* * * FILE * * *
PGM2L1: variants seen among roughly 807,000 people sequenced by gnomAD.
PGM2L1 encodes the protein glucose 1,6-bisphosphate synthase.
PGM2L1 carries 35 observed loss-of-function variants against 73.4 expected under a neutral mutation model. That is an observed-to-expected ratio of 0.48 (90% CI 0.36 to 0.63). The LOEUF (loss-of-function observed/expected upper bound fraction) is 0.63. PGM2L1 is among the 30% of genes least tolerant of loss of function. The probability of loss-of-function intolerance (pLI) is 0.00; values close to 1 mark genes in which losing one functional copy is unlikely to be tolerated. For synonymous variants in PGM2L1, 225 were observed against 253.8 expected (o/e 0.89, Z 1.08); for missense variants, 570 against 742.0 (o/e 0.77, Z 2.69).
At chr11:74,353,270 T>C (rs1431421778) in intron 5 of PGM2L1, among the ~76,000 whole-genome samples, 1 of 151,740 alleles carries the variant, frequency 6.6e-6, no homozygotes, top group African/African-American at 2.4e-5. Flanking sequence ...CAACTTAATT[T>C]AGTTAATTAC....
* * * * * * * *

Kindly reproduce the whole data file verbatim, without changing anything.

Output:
PGM2L1: variants seen among roughly 807,000 people sequenced by gnomAD.
PGM2L1 encodes the protein glucose 1,6-bisphosphate synthase.
PGM2L1 carries 35 observed loss-of-function variants against 73.4 expected under a neutral mutation model. That is an observed-to-expected ratio of 0.48 (90% CI 0.36 to 0.63). The LOEUF (loss-of-function observed/expected upper bound fraction) is 0.63. PGM2L1 is among the 30% of genes least tolerant of loss of function. The probability of loss-of-function intolerance (pLI) is 0.00; values close to 1 mark genes in which losing one functional copy is unlikely to be tolerated. For synonymous variants in PGM2L1, 225 were observed against 253.8 expected (o/e 0.89, Z 1.08); for missense variants, 570 against 742.0 (o/e 0.77, Z 2.69).
At chr11:74,353,270 T>C (rs1431421778) in intron 5 of PGM2L1, among the ~76,000 whole-genome samples, 1 of 151,740 alleles carries the variant, frequency 6.6e-6, no homozygotes, top group African/African-American at 2.4e-5. Flanking sequence ...CAACTTAATT[T>C]AGTTAATTAC....